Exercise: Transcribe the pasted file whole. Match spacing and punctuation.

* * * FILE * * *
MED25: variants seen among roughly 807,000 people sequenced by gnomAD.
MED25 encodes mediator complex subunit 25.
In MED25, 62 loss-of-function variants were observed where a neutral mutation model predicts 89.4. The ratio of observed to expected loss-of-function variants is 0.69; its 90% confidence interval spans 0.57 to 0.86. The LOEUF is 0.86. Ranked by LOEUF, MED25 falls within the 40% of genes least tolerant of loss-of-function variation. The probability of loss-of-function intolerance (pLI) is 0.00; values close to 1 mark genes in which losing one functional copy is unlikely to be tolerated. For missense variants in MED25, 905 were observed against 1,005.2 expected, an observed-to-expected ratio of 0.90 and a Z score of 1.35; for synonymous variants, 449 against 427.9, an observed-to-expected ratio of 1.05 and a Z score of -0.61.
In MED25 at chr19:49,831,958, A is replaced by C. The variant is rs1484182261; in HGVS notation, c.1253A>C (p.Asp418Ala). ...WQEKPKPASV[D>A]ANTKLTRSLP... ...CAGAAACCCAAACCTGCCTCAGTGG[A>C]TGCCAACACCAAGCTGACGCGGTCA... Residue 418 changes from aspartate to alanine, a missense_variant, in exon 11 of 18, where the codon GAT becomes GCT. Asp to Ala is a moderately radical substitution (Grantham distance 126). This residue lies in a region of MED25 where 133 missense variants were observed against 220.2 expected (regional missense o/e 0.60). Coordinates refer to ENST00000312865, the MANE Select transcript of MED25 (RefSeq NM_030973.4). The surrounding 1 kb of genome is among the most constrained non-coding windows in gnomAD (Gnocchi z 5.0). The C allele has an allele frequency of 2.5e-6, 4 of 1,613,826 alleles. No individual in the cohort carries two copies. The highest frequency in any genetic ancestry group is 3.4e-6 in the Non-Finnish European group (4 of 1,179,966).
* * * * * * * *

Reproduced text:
MED25: variants seen among roughly 807,000 people sequenced by gnomAD.
MED25 encodes mediator complex subunit 25.
In MED25, 62 loss-of-function variants were observed where a neutral mutation model predicts 89.4. The ratio of observed to expected loss-of-function variants is 0.69; its 90% confidence interval spans 0.57 to 0.86. The LOEUF is 0.86. Ranked by LOEUF, MED25 falls within the 40% of genes least tolerant of loss-of-function variation. The probability of loss-of-function intolerance (pLI) is 0.00; values close to 1 mark genes in which losing one functional copy is unlikely to be tolerated. For missense variants in MED25, 905 were observed against 1,005.2 expected, an observed-to-expected ratio of 0.90 and a Z score of 1.35; for synonymous variants, 449 against 427.9, an observed-to-expected ratio of 1.05 and a Z score of -0.61.
In MED25 at chr19:49,831,958, A is replaced by C. The variant is rs1484182261; in HGVS notation, c.1253A>C (p.Asp418Ala). ...WQEKPKPASV[D>A]ANTKLTRSLP... ...CAGAAACCCAAACCTGCCTCAGTGG[A>C]TGCCAACACCAAGCTGACGCGGTCA... Residue 418 changes from aspartate to alanine, a missense_variant, in exon 11 of 18, where the codon GAT becomes GCT. Asp to Ala is a moderately radical substitution (Grantham distance 126). This residue lies in a region of MED25 where 133 missense variants were observed against 220.2 expected (regional missense o/e 0.60). Coordinates refer to ENST00000312865, the MANE Select transcript of MED25 (RefSeq NM_030973.4). The surrounding 1 kb of genome is among the most constrained non-coding windows in gnomAD (Gnocchi z 5.0). The C allele has an allele frequency of 2.5e-6, 4 of 1,613,826 alleles. No individual in the cohort carries two copies. The highest frequency in any genetic ancestry group is 3.4e-6 in the Non-Finnish European group (4 of 1,179,966).